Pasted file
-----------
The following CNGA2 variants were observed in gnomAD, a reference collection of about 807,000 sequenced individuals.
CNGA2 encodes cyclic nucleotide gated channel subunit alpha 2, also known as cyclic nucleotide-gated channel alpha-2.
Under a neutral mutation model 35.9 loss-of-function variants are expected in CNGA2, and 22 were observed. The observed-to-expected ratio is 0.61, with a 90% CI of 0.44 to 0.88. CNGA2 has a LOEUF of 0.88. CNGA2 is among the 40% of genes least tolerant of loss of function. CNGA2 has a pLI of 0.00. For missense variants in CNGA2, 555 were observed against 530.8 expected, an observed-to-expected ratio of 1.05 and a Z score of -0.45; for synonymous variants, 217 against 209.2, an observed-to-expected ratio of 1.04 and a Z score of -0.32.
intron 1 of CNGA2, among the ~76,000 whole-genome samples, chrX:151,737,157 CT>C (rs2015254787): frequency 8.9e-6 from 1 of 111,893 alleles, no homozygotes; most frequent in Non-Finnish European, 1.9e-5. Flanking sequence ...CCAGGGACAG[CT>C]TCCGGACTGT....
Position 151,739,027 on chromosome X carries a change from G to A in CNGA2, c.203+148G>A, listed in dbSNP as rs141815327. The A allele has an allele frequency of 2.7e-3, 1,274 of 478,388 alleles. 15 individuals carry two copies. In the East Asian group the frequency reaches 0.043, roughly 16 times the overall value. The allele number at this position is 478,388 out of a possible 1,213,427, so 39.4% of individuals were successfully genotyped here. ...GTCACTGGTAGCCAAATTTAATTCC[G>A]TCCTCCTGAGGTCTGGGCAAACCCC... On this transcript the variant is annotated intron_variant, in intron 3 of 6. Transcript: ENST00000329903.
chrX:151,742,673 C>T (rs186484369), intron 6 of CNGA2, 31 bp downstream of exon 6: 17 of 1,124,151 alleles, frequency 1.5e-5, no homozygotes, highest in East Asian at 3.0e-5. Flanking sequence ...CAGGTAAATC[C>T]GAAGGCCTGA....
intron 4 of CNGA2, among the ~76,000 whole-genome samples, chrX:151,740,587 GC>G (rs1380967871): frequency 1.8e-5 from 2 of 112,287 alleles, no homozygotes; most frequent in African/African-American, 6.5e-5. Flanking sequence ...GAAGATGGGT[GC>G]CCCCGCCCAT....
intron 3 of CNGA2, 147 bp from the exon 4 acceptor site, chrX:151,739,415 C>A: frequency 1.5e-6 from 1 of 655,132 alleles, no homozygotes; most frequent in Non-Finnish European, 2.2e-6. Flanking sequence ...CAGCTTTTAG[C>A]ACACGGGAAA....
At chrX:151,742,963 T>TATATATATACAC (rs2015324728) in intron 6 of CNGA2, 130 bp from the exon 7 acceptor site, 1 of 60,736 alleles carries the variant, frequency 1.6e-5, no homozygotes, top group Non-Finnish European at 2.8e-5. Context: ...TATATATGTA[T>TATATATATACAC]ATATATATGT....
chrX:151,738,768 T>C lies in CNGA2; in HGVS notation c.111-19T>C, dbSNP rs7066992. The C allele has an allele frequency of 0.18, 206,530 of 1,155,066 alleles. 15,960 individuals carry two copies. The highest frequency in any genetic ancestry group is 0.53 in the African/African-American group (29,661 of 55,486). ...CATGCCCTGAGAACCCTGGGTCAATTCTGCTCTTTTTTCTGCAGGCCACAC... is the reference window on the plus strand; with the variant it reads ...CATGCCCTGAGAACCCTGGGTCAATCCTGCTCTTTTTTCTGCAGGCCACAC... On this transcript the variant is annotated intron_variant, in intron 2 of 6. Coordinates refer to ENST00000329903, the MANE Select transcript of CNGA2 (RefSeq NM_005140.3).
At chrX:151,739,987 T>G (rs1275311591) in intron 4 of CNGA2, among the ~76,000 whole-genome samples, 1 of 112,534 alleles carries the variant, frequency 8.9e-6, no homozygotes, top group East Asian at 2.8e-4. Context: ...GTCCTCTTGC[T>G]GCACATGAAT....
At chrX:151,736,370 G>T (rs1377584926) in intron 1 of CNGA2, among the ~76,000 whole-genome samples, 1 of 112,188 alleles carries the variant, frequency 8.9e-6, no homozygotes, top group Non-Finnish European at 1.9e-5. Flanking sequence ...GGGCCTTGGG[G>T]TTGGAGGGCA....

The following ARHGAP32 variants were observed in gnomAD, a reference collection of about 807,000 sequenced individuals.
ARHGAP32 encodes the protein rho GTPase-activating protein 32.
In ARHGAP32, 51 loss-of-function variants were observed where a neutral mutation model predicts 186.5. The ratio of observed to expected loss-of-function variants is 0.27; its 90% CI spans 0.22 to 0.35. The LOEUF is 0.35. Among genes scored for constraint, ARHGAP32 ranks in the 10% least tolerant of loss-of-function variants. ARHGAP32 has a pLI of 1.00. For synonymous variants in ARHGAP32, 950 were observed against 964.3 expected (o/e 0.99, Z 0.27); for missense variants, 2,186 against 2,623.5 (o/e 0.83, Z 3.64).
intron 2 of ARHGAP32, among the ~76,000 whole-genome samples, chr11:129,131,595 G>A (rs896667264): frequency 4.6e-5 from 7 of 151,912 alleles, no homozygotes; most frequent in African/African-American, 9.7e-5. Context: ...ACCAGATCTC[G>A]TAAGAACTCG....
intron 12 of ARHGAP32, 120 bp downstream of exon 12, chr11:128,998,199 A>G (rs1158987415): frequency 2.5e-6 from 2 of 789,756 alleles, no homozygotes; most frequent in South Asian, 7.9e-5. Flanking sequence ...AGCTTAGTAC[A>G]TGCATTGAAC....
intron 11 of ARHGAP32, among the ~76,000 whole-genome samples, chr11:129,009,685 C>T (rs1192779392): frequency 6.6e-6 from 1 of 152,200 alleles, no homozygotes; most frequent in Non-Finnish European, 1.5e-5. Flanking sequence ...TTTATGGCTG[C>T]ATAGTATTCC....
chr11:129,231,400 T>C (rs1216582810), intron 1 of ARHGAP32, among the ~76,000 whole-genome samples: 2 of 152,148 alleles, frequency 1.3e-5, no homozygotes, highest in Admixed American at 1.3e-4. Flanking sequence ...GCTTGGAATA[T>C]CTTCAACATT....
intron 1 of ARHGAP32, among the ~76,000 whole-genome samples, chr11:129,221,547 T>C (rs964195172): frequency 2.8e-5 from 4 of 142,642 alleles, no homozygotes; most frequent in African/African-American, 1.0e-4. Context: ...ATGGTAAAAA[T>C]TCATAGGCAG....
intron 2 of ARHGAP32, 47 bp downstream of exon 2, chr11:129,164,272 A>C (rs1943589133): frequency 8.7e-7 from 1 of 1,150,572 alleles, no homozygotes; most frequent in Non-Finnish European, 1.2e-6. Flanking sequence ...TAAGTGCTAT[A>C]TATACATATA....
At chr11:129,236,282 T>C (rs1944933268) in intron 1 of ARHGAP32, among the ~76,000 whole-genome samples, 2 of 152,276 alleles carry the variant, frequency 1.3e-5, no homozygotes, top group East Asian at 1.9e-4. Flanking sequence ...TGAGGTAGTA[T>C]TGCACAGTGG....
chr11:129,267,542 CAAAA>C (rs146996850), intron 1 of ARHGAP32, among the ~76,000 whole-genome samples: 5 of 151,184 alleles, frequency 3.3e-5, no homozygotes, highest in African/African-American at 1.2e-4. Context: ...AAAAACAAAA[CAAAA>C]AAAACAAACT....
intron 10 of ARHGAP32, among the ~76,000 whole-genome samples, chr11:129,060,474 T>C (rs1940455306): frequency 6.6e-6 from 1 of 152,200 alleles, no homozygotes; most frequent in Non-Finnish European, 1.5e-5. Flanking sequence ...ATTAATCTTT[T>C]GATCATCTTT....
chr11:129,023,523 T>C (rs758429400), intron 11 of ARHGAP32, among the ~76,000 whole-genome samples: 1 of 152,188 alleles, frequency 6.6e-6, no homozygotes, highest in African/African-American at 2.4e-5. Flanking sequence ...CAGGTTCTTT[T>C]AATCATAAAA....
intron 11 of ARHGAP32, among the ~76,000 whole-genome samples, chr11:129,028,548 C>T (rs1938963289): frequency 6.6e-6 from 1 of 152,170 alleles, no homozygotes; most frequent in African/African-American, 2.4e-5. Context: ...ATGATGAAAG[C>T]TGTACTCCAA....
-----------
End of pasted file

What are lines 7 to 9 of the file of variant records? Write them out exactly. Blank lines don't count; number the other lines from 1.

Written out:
intron 4 of CNGA2, among the ~76,000 whole-genome samples, chrX:151,740,587 GC>G (rs1380967871): frequency 1.8e-5 from 2 of 112,287 alleles, no homozygotes; most frequent in African/African-American, 6.5e-5. Flanking sequence ...GAAGATGGGT[GC>G]CCCCGCCCAT....
intron 3 of CNGA2, 147 bp from the exon 4 acceptor site, chrX:151,739,415 C>A: frequency 1.5e-6 from 1 of 655,132 alleles, no homozygotes; most frequent in Non-Finnish European, 2.2e-6. Flanking sequence ...CAGCTTTTAG[C>A]ACACGGGAAA....
At chrX:151,742,963 T>TATATATATACAC (rs2015324728) in intron 6 of CNGA2, 130 bp from the exon 7 acceptor site, 1 of 60,736 alleles carries the variant, frequency 1.6e-5, no homozygotes, top group Non-Finnish European at 2.8e-5. Context: ...TATATATGTA[T>TATATATATACAC]ATATATATGT....